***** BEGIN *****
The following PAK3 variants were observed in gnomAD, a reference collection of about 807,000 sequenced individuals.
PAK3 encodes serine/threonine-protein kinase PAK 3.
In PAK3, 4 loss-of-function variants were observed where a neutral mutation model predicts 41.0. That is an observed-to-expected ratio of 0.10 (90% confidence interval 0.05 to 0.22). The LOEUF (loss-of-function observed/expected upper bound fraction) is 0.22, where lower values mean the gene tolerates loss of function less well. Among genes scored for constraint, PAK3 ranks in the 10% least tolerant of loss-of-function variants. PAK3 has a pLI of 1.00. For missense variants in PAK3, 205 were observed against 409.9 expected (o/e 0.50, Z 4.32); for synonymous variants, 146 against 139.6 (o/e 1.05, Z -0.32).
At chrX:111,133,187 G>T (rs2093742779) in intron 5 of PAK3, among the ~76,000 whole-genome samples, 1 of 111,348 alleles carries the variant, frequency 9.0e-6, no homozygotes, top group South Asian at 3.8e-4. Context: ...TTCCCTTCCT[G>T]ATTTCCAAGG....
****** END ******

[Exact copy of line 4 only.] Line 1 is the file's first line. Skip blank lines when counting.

At chrX:111,133,187 G>T (rs2093742779) in intron 5 of PAK3, among the ~76,000 whole-genome samples, 1 of 111,348 alleles carries the variant, frequency 9.0e-6, no homozygotes, top group South Asian at 3.8e-4. Context: ...TTCCCTTCCT[G>T]ATTTCCAAGG....